Poetry in motion on Muni

Sometimes when you see something that really speaks to you—you gotta have it. Rider David G. sent us the story of how he came to own a piece of honest-to-goodness Muni poetry, and we’re convinced it was meant to be. Here’s his story:

In the ’90s, the group Streetfare Journal and bus-advertising company TDI placed literary placards on Muni buses, streetcars, and cable cars. When visiting a friend’s apartment, I saw one of the posters. It featured a poem about fascist leaders and was written by the Serbian poet Aleksandar Ristovic. The last three lines read: 

Time of fools is coming, 

time of the know-nothing teacher 

and the book that can’t be opened at either end. 

I loved it and asked where she found it. Were they selling them? 

She chuckled and described how she saw the poster while riding the 30-Stockton through the Marina. She was struck by the words and so she asked a random fellow rider to hold her coffee. Then she simply took it down — in a bus full of commuters no less. She said that people stared, but no one uttered a word. “If you’re nonchalant, no one will do anything,” she suggested. 

Being less adventurous, I didn’t follow her advice. Of course, one day all the placards were removed. 

I was living in a residence hotel and taking the California cable car to work. Months later on my morning commute, to my utter surprise I saw the Ristovic poster. They obviously missed this one. Unfortunately, there was no chance of stealing it: in the closed confines of a cable car, both Muni operators were nearby.  

I resolved to go to the cable car barn that evening and see if I could ask someone for it. I  believed it was my last chance. 

Not knowing what to expect, I walked into the barn and was met with strong welding fumes. I gingerly stepped between rows of vehicles sitting on tracks. A middle-aged mechanic was on duty and he emerged from under the tracks. Nervously, I explained the situation: I’m looking for poetry.

He seemed surprised but he told me to “look around and take whatever you need,” and returned to his tools. My footsteps echoed as I explored the empty carriages. I finally found the poster and tucked it under my arm.

On the way out, I noticed the mechanic in street clothes and cleaning his work area. We nodded to each other as I departed. Not only did I walk out with the Ristovic poem; I also found one with a verse excerpt from Muriel Rukeyser

Time comes into it. 

Say it. Say it. 

The universe is made of stories, 

not of atoms.

Thank you, David, for submitting this story, especially in the midst of missing Muni—and all semblances of normal life—lots. Fun fact: For Muni’s centennial in 2012, we partnered with SFMTA for a “100 Days, 100 Muni stories” competition, where the most quotable winner earned placement on a placard just like these.

Since the universe is made of stories, we know there are many untold ones in our corner of the world. Indulge us with that tale that’s been burning a hole in your pocket by emailing muni.diaries.sf@gmail.com, or by connecting with us @munidiaries on all the socials.

Photo by Views from the Grip

See San Francisco’s cable cars get dressed up for the holidays


How did we get to December already? Our beloved cable cars got in the holiday spirit this weekend, getting all dressed up for the holidays. Muni rider Jeremy Whiteman sent over these wonderful photos of gripman Val Lupiz and his family decorate a cable car for the holidays, along with members of San Francisco Remembered.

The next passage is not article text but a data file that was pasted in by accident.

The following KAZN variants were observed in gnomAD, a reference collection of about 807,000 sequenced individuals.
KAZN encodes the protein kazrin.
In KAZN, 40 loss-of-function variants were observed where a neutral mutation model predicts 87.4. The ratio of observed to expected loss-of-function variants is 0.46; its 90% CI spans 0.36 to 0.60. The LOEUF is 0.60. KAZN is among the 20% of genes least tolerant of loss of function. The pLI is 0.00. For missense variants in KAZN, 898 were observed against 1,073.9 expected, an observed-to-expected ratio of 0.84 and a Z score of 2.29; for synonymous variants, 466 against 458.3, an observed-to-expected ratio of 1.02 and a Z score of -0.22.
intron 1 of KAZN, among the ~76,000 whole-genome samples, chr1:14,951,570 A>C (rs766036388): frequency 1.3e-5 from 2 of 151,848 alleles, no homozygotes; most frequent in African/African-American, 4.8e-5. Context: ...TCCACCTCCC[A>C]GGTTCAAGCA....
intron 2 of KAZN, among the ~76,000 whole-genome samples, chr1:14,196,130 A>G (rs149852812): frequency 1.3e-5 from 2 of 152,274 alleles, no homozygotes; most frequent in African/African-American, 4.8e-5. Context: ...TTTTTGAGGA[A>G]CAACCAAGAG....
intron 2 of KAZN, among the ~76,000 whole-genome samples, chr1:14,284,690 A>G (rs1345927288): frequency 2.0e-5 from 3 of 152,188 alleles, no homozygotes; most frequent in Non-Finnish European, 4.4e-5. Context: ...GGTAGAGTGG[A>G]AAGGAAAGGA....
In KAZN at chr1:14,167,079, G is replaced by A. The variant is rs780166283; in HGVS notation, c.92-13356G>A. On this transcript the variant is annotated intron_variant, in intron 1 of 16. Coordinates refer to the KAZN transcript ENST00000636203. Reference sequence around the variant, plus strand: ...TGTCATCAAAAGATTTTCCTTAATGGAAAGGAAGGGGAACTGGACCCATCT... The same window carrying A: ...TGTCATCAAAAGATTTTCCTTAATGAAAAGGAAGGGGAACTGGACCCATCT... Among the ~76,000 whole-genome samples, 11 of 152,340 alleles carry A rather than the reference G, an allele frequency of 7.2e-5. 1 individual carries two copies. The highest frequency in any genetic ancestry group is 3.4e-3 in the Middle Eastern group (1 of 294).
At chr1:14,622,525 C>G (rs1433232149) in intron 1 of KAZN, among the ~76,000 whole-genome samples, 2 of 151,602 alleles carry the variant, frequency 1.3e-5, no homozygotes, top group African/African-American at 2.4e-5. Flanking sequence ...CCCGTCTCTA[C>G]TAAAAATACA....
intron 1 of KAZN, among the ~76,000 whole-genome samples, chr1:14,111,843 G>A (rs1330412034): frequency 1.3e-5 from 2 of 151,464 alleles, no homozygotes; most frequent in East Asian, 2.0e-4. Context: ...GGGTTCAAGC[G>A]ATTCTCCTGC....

We at Muni Diaries had the chance to partake in this very cool behind-the-scenes, super San Francisco activity a few years ago with Market Street Railway. It was definitely a treat to decorate cable cars and streetcars with lights, tinsel, ribbons, and boxes of trim.

San Francisco Remembered is a public Facebook group where you can see and share vintage photos of our city after 1907. Right now in the group, there are some wonderful photos of the City of Paris store and the ginormous Christmas tree under the dome (you know, that one that’s in today’s Westfield mall). It’s definitely worth checking out and getting to know your SF history.

Read more

Adorable 1960s Sign for a Retiring Cable Car Driver


Is there anything sweeter? We found this adorable old sign from @kjerahus on Instagram, whose great grandfather was a conductor on the California Street cable car:

Sign from my great grandfather’s retirement in 1964. He was a conductor on the California St cable cars for years and worked on trolleys and trains since 1917.

Here’s a few more nostalgic finds:
Muni’s first schedule
Streetcar No. 1
Muni rapid in 1966

Got any more old timey finds? Tag us on Instagram at #munidiaries.

Man with service dog allegedly booted from cable car


Last Saturday, a man riding a cable car in San Francisco with his service dog was asked to get off. When he refused, pointing out that his pit bull Rosie was a service animal and thus allowed to be aboard the cable car, SFPD were called in.

Attorney Gina Tomaselli, who is not representing the man, shot this Facebook video of the incident once the police officer arrived.

The SF Examiner has the story:

Tad Tadesse and his service dog Rosie, a pit bull, skyrocketed to local fame after a video purportedly showing a Muni supervisor and San Francisco Police Department officer trying to remove the pair from a cable car surfaced Sunday.

But Tadesse and Rosie have been ousted from Muni vehicles more than 20 times, the dog owner told the San Francisco Examiner on Monday.

Read the rest of the story on Examiner.com.

Image from video shot by Gina Tomaselli